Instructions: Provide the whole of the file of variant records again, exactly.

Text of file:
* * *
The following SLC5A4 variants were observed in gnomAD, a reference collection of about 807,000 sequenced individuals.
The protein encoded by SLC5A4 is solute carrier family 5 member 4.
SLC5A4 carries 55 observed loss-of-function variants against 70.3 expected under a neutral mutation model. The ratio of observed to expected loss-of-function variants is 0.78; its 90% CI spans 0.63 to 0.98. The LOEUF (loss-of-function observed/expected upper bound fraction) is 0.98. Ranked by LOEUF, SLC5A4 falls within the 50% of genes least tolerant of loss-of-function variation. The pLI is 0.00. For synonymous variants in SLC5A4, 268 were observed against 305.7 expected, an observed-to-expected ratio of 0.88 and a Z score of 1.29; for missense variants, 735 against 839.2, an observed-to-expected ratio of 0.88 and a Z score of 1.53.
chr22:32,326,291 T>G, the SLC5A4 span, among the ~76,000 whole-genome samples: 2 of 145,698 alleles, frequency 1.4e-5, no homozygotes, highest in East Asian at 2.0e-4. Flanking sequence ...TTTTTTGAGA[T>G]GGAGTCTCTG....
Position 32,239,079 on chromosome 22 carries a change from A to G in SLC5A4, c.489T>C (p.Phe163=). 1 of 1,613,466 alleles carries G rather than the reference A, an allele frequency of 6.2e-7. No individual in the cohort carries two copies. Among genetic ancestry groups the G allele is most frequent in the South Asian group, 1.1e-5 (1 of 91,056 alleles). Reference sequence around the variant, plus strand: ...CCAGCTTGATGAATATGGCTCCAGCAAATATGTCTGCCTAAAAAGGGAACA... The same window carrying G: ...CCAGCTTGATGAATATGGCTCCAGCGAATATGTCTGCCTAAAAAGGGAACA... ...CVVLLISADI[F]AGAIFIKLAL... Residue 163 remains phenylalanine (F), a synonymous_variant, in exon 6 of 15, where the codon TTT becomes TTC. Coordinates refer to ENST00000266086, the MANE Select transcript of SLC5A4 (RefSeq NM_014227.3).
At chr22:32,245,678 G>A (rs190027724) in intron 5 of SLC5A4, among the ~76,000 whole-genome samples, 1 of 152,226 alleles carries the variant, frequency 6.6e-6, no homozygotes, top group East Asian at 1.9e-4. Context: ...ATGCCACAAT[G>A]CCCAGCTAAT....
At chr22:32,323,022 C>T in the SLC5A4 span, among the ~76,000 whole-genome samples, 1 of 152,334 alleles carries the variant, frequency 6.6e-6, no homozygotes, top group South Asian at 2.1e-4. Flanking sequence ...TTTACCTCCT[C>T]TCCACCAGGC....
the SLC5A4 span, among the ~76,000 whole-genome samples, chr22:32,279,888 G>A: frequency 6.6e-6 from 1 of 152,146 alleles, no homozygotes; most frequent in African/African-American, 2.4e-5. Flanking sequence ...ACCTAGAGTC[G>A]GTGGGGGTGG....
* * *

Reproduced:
The following SLC5A4 variants were observed in gnomAD, a reference collection of about 807,000 sequenced individuals.
The protein encoded by SLC5A4 is solute carrier family 5 member 4.
SLC5A4 carries 55 observed loss-of-function variants against 70.3 expected under a neutral mutation model. The ratio of observed to expected loss-of-function variants is 0.78; its 90% CI spans 0.63 to 0.98. The LOEUF (loss-of-function observed/expected upper bound fraction) is 0.98. Ranked by LOEUF, SLC5A4 falls within the 50% of genes least tolerant of loss-of-function variation. The pLI is 0.00. For synonymous variants in SLC5A4, 268 were observed against 305.7 expected, an observed-to-expected ratio of 0.88 and a Z score of 1.29; for missense variants, 735 against 839.2, an observed-to-expected ratio of 0.88 and a Z score of 1.53.
chr22:32,326,291 T>G, the SLC5A4 span, among the ~76,000 whole-genome samples: 2 of 145,698 alleles, frequency 1.4e-5, no homozygotes, highest in East Asian at 2.0e-4. Flanking sequence ...TTTTTTGAGA[T>G]GGAGTCTCTG....
Position 32,239,079 on chromosome 22 carries a change from A to G in SLC5A4, c.489T>C (p.Phe163=). 1 of 1,613,466 alleles carries G rather than the reference A, an allele frequency of 6.2e-7. No individual in the cohort carries two copies. Among genetic ancestry groups the G allele is most frequent in the South Asian group, 1.1e-5 (1 of 91,056 alleles). Reference sequence around the variant, plus strand: ...CCAGCTTGATGAATATGGCTCCAGCAAATATGTCTGCCTAAAAAGGGAACA... The same window carrying G: ...CCAGCTTGATGAATATGGCTCCAGCGAATATGTCTGCCTAAAAAGGGAACA... ...CVVLLISADI[F]AGAIFIKLAL... Residue 163 remains phenylalanine (F), a synonymous_variant, in exon 6 of 15, where the codon TTT becomes TTC. Coordinates refer to ENST00000266086, the MANE Select transcript of SLC5A4 (RefSeq NM_014227.3).
At chr22:32,245,678 G>A (rs190027724) in intron 5 of SLC5A4, among the ~76,000 whole-genome samples, 1 of 152,226 alleles carries the variant, frequency 6.6e-6, no homozygotes, top group East Asian at 1.9e-4. Context: ...ATGCCACAAT[G>A]CCCAGCTAAT....
At chr22:32,323,022 C>T in the SLC5A4 span, among the ~76,000 whole-genome samples, 1 of 152,334 alleles carries the variant, frequency 6.6e-6, no homozygotes, top group South Asian at 2.1e-4. Flanking sequence ...TTTACCTCCT[C>T]TCCACCAGGC....
the SLC5A4 span, among the ~76,000 whole-genome samples, chr22:32,279,888 G>A: frequency 6.6e-6 from 1 of 152,146 alleles, no homozygotes; most frequent in African/African-American, 2.4e-5. Flanking sequence ...ACCTAGAGTC[G>A]GTGGGGGTGG....